Going Broke on Halloween Candy and Costumespaulabernstein
The average American will spend $66.28 on Halloween this year, according to the National Retail Federation. That means that a lot of people are shelling out big bucks to celebrate the holiday.
The biggest Halloween expense is costumes, followed by candy, with American families shelling out an average of $22 for Halloween sweets, Science Daily reports. Presumably, the rest of the money goes towards decorations.
As my Strollerderby colleague recently pointed out, Americans have been trick-or-treating since the 1920s. But back then, people handed out apples, pastries, breads and even money.
Nowadays, Halloween is big business with Americans spending $1 billion on candy each Halloween.
“Companies went after Halloween candy a long time ago,” says Nancy Childs, Ph.D., professor of food marketing at Saint Joseph’s University. “Candy companies are active and aggressive marketers who offer convenient, pre-packaged treats to fulfill the tradition; Halloween is now a model for other holidays — candy baskets for Easter, candy canes for Christmas, holiday-themed M&Ms, chocolates for Valentine’s Day.”
How much money do you plan to spend on Halloween this year? Is it possible to have fun without going broke? Here are 8 tips that have proven useful at our house:
1. Go to a Halloween party or trick-or-treat so you don’t have to stock up on candy. Yes, putting out a bowl of candy that says “take one please” is just asking for kids to “take all please,” but you won’t be around to fill it back up anyway.
2. Make your own costume. Target might disagree, but making your own costume is fun and worth the effort — it can cost next to nothing. Free printable masks are available online. If you’re crafty, there are plenty of no-sew options that are just as cute as anything store bought. And your own closet holds a wealth of possibilities, especially if you just need a costume to tag along with your kids.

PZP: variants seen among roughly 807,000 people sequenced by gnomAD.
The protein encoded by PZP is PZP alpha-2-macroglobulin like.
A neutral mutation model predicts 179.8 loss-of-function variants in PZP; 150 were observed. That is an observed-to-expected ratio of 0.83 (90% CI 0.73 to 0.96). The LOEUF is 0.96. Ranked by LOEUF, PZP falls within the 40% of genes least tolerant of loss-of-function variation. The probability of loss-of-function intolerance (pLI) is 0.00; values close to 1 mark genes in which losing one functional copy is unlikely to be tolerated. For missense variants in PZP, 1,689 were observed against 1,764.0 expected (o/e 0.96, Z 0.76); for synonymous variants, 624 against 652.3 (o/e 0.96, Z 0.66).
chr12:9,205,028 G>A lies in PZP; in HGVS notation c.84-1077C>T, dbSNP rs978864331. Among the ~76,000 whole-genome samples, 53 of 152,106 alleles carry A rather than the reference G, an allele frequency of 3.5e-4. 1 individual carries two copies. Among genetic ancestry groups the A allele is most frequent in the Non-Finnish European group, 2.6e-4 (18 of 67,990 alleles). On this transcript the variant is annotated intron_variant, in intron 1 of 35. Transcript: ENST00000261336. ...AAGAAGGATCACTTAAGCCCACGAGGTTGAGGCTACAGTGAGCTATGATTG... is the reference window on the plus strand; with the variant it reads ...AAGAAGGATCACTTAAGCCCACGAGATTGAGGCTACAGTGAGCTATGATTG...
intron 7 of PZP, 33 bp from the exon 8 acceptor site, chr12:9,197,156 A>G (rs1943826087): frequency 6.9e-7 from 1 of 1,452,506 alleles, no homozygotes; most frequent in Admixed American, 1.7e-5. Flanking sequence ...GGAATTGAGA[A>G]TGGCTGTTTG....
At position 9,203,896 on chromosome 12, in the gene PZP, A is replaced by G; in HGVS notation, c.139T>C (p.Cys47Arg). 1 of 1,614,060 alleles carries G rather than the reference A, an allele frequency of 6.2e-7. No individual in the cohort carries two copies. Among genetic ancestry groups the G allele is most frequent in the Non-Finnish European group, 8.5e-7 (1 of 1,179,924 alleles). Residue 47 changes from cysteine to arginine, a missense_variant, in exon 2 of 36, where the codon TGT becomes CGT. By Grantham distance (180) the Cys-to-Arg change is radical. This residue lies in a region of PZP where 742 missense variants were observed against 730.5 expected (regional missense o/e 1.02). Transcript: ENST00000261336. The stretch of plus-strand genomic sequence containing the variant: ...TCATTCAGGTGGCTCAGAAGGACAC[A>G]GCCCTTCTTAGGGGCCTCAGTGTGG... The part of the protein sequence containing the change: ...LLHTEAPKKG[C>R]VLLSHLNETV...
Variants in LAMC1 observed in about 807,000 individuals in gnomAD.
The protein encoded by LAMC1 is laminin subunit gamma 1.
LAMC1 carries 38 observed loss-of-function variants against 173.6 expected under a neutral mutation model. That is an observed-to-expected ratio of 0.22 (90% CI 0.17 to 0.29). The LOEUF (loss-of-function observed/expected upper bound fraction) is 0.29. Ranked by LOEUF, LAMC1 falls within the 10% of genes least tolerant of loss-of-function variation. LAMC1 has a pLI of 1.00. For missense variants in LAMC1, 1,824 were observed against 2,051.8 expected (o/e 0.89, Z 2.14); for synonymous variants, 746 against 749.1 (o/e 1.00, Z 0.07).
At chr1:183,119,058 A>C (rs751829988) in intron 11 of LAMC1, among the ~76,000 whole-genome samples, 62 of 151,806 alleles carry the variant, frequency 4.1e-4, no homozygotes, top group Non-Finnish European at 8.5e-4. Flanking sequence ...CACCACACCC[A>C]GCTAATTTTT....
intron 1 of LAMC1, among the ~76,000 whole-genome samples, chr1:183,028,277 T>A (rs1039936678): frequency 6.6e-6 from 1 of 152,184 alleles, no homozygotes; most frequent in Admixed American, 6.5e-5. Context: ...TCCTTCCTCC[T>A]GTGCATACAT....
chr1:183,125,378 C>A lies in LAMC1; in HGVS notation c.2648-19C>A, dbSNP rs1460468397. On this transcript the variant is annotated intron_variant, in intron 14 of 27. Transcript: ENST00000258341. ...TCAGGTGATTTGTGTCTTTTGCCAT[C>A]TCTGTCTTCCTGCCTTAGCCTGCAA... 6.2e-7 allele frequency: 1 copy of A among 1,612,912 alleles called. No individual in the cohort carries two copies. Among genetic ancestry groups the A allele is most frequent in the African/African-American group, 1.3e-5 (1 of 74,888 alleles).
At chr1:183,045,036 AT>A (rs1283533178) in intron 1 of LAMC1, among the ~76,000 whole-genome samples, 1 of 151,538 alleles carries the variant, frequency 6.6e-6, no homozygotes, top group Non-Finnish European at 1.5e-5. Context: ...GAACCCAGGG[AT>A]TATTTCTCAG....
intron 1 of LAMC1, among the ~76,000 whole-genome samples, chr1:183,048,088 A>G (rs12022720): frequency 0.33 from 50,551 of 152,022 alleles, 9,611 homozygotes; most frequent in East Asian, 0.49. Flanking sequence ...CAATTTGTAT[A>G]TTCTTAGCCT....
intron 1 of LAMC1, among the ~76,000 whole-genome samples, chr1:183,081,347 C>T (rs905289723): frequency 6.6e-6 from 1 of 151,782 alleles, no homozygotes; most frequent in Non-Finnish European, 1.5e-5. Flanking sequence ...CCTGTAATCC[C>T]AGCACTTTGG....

3. Re-use decorations from previous years. We literally have a skeleton we keep in the closet! If you save your decorations, you’ll never have to buy new ones!
4. Consider hand-me-down costumes or buying costumes at a thrift store. Thrift stores are a trove of quirky, bargain-priced duds just waiting to be transformed into a Halloween get-up. Think old team jerseys, flannel shirts, and retired prom dresses — there’s your football player, cowboy, or princess. And just like clothes, some costumes never go out of style, so hand-me-downs are another way to an inexpensive Halloween.
5. If you do buy candy, get the economy-size pack at a discount store. Buying in bulk is almost always cheaper — just make sure you don’t eat it all yourself!
6. Dollar stores have deals. You don’t have to shell out big bucks at specialty Halloween stores for decorations, costumes, or candy. Instead, check out your local dollar store. They usually have different holiday and party items that could easily become the perfect decoration or addition to your costume. The candy they stock is the same candy you find at the supermarket, so buy it here instead.
7. Make your own decorations. Just because it’s store-bought doesn’t mean it’s better. There are plenty of crafts you can do with your kids that are both festive and fun. Besides, plastic bag ghosts do have a lot of charm.
8. Skip the haunted house and do something free and fun. If you’re looking for a fun and free Halloween activity for your family, don’t opt for a haunted house or spooky hayride that could cost some serious cash. Instead, gather around the TV and watch your favorite Halloween movies—the classics like Caspar and Hocus Pocus are almost always on television this time of year. You could also bake some awesomely inexpensive Halloween treats, read some Halloween books, or download some free spooky Halloween sounds to tell ghost stories to.
photo: flickr/Juushika Redgrave